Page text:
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Starting Nine: What happens to Braves’ rotation when Ian Anderson returns?

Does Atlanta go to a six-man rotation? Add an arm to the bullpen? Sorting through the options and the tears Dansby Swanson and Tyler Matzek’s are on

MLB: New York Mets at Atlanta Braves
Out since July 11 with shoulder inflammation, Ian Anderson could make his return to the Braves rotation this weekend against the Giants. In Tuesday’s rehab start in Triple-A Gwinnett, the right-hander allowed three hits with nine strikeouts and two walks over five innings. 
Dale Zanine-USA TODAY Sports

A good problem to have.

These things have a way of working themselves out.

By now we can all spout off the cliches used when it comes to roster crunches, but with the Braves expected to bring back Ian Anderson — whose rehab assignment is going swimmingly — into the rotation as early as Sunday against the Giants, the National League East leaders are going to have a dilemma.

What do they do with a rotation that has Anderson joining a collective of Max Fried, Charlie Morton, Drew Smyly, Touki Toussaint and Huascar Ynoa? There are options, and some of them take more than just letting things naturally “work themselves out.”

Let’s dive into some of those options as open this week’s Starting Nine.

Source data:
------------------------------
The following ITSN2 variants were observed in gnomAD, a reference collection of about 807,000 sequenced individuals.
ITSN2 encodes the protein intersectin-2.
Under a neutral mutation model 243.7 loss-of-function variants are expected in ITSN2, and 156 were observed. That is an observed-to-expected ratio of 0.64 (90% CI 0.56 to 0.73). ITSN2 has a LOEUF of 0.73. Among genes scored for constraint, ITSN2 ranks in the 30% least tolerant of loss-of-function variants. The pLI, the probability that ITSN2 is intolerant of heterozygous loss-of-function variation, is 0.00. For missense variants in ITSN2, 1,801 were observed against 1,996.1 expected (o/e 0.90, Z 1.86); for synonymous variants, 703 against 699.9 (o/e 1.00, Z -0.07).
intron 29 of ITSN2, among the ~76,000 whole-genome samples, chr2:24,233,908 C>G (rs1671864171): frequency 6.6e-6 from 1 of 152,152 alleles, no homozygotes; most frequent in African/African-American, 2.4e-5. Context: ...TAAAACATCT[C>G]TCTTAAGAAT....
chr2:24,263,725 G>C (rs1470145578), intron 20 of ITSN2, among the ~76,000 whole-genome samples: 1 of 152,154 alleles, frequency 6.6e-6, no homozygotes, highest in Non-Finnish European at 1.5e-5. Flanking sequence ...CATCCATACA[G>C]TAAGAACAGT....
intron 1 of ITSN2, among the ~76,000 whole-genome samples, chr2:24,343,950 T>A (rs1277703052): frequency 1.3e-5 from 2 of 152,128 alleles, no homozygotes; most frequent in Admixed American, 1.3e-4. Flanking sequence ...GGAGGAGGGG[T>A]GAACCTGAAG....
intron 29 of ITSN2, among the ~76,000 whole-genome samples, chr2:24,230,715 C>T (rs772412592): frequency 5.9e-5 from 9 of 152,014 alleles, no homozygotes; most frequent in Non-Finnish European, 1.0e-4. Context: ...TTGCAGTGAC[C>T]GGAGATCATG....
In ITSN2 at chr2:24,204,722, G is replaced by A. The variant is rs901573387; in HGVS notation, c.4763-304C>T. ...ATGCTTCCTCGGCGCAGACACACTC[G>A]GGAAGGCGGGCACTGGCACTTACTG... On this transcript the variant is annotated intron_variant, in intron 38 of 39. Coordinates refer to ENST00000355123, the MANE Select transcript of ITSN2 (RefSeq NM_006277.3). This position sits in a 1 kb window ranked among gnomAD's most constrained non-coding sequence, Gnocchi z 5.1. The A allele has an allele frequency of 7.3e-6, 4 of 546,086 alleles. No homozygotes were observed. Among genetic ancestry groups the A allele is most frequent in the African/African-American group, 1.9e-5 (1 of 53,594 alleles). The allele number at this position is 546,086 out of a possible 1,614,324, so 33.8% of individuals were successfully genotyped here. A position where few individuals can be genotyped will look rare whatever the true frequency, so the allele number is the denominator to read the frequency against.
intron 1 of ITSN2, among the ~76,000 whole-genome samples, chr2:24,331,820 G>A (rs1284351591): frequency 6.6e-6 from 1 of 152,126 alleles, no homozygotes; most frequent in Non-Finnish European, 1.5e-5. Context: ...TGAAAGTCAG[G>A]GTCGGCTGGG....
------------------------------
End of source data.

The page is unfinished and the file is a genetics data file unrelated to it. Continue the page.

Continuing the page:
1. Braves employ a six-man rotation

The simplest move could be the right one. Creating additional off days over the last month of the season would keep arms fresh with the postseason looming, while additionally shielding pitchers that are piling up the innings after last season’s shortened schedule led to diminished workloads. Fried is at 118 2/3 innings this season after tossing 79 2/3 in 2020 (postseason included); Morton is at 145 after a 58-inning year and Smyly has logged 111 innings following a 26 1/3-inning ‘20. Anderson, out of the Atlanta rotation since July 11 with shoulder inflammation, has 110 2/3 innings this season across the big leagues and minors after tossing 51 in ‘20 and is over 100 for the third time in six professional seasons. The innings are nowhere near that level for Ynoa — he’s made two starts in his return from a fractured hand and is at 66 1/3 this season — and Toussaint — he’s tossed 62 1/3 — and they have 2.38 and 2.86 ERAs, respectively, this month. Depth is a weapon that could play to the Braves’ benefit over the final month as they sort out what this staff looks like in the playoffs.

2. Smyly to the bullpen

These next two options are going to involve a bullpen shakeup. That would logically involve moving on from Josh Tomlin, who since July 5 has a 12.51 ERA that’s topped among all relievers in that stretch by only a former Braves arm in the Cubs’ Dan Winkler at 15.30 and has an 18.56 ERA this month. Smyly is no stranger to coming out of the bullpen, doing so for 108 1/3 innings over 77 games in his career, including five innings over two games with the Giants last season. The 32-year-old left-hander has the highest ERA of anyone on the roster who has started a game for Atlanta this season at 4.54 and he’s allowed the fourth most home runs (23) of any NL starter. But the argument against moving him out of the rotation, is that the team just keeps winning with him on the mound. The Braves are 12-1 in his last 13 starts — the best record for a team to back up a starter in that stretch — and over that span Smyly has pitched to a 3.50 ERA.